• A Positive Company Culture: Everybody benefits from a positive company culture. Employees who stay on and build relationships with their boss and fellow employees tend to be more comfortable in their job.
  • Taking Advantage of Long-Term Benefits: Some employers only offer certain benefits after a specified period. This is to discourage them from taking advantage of education and payment programs only available to long-term employees. As a result, employees who have shown their loyalty to a company get to use these benefits themselves.
  • Consistency: Terminating employment, finding a new job, becoming dissatisfied, quitting, searching for a new job, and then the cycle starts all over again. The mental health toll that having and inconsistent form of income is stressful. Not to mention having continual environmental changes. All of this adds huge pressure on the employee to always be on their guard. Staying with a job allows them to find consistency in the work, environment, and people, which leads to better outcomes and less financial stress.
2. How to Improve Employee Retention

1. Offer Excellent Benefits. One of the main reasons that people stay with employers is a good benefits package. These benefits can include:
  • Career development in the form of professional certification
  • A good healthcare package with a wide range of coverage
  • Pay increases and bonuses based on performance and loyalty
  • Retirement plans for end of career options
  • Education resources that help individuals with personal and professional goals
2. Create A Strategic Onboarding Process. The interview and training portion of employment are crucial steps in the process. They serve to get to know the employee, the type of person and worker they are, and how well they'll fit with your company culture. Maybe they're a great worker, but their attitude doesn't match the environment you've created, and adding them to the mix would create more problems than they'll fix. Strategically worded interview questions will help you attract and retain the best employees.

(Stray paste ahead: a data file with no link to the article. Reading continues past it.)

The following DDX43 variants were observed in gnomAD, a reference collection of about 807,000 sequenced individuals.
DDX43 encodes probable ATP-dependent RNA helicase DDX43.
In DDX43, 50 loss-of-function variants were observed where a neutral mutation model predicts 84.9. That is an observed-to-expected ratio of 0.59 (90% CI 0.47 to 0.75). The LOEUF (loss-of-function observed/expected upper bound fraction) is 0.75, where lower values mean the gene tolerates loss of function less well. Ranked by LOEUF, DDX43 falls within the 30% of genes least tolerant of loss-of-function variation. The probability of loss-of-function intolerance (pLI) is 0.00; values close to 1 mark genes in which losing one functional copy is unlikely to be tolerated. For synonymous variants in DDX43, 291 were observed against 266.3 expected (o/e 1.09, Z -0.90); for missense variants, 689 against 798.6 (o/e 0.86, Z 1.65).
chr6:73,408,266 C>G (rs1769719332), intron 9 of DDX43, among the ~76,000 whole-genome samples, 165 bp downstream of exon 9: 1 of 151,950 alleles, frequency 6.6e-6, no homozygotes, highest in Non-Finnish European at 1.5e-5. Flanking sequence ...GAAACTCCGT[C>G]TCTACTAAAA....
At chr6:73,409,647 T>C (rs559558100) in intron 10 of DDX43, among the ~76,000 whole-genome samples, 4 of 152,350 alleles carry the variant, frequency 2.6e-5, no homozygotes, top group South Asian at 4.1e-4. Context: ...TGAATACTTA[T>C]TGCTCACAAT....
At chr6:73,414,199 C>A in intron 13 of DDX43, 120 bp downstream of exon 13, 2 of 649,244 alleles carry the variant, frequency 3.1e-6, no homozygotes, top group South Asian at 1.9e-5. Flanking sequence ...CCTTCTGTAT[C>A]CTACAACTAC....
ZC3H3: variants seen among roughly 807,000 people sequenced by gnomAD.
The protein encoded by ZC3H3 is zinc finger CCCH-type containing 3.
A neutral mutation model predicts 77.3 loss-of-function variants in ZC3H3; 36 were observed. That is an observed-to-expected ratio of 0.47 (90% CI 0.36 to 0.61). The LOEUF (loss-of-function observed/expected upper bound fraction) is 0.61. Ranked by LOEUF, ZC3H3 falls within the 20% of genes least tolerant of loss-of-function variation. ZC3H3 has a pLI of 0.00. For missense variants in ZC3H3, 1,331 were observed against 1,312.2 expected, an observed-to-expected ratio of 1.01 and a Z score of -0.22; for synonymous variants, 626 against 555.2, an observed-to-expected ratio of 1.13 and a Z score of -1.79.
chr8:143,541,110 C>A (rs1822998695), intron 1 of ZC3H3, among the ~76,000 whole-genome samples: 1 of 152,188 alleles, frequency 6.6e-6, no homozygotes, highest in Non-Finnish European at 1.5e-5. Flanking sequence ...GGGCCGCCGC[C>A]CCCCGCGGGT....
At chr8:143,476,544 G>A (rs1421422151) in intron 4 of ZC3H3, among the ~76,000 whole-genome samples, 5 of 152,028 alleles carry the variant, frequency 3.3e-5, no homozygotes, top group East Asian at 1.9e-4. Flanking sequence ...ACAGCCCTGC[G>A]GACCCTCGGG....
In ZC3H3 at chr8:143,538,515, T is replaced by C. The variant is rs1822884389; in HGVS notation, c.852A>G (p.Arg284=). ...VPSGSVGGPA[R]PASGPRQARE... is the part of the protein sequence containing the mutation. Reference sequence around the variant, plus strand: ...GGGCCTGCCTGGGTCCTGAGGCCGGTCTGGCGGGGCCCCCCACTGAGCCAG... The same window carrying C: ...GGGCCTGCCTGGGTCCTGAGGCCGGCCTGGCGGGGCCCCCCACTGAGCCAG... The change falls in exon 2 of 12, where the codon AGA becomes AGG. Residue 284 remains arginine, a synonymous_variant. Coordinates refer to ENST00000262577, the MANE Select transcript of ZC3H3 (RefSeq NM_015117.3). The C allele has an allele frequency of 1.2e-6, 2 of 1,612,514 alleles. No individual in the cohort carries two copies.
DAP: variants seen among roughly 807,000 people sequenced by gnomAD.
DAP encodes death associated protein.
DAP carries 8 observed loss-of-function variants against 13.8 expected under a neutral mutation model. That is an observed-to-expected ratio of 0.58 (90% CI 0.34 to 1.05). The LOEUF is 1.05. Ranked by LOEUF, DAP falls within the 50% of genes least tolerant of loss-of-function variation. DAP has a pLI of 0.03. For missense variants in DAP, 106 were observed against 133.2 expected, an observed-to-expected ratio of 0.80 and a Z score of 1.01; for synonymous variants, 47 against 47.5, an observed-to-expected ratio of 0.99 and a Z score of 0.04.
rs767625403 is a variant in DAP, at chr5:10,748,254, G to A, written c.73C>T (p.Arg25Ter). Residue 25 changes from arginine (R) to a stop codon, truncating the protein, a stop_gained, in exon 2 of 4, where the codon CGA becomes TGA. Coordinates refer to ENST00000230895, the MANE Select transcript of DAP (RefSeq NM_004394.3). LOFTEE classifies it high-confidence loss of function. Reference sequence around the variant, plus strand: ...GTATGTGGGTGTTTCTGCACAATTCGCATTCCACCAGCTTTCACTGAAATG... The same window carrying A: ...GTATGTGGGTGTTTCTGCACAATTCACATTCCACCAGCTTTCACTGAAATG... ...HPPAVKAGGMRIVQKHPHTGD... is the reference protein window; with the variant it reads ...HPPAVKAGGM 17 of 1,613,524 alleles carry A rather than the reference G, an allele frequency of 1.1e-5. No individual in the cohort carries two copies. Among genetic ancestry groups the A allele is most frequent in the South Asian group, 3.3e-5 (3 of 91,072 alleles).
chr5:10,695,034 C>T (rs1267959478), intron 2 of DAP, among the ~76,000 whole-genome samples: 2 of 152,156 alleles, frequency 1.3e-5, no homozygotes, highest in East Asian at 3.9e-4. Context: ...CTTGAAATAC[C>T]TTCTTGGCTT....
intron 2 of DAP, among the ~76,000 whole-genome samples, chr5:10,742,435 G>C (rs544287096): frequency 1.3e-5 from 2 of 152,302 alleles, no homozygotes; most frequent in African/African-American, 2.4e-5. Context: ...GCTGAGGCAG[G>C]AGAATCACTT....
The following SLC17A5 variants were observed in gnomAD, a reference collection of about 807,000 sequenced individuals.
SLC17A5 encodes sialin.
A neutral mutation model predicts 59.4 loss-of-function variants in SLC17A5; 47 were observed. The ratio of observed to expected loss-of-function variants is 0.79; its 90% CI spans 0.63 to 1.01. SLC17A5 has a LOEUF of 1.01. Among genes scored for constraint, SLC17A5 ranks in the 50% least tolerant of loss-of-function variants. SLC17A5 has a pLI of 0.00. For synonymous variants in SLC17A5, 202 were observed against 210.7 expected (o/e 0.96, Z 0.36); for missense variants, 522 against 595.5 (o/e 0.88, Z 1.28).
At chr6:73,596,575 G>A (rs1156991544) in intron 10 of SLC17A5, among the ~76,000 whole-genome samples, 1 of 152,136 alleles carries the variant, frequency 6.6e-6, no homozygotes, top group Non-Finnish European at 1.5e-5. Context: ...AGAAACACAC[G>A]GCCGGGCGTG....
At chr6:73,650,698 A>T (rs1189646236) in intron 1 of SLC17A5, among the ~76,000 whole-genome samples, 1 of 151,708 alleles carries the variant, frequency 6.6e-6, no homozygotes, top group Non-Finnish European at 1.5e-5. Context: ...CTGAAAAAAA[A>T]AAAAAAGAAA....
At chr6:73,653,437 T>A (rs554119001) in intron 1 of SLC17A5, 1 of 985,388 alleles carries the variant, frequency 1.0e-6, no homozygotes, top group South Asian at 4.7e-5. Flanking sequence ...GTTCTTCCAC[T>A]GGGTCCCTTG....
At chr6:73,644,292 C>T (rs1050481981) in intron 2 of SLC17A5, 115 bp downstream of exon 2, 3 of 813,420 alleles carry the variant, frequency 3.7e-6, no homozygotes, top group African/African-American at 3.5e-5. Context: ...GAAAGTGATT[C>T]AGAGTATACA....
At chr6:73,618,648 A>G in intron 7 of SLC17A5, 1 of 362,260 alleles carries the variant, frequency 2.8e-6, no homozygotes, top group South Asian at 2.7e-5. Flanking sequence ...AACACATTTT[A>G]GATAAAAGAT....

3. Have The Right Tools for The Job. Failure to do so can lead to frustration with the work process and give employees a justifiable reason to leave. This is an easily controllable factor of the job that helps improve productivity and retention.

4. Create Open Lines of Communication. Create an environment in which employees feel confident that they can have an open conversation with their boss or fellow employees without fear of judgment or retaliation.

5. Provide Competitive Pay. An obviously major purpose for people pursuing a job is the money because being alive has certain inherent costs. Having a job is more than about just a paycheck, but to completely deny this fact is unwise. By offering a better salary than your competitors, you tell your employees that you value their time and their talents and are willing to pay for it.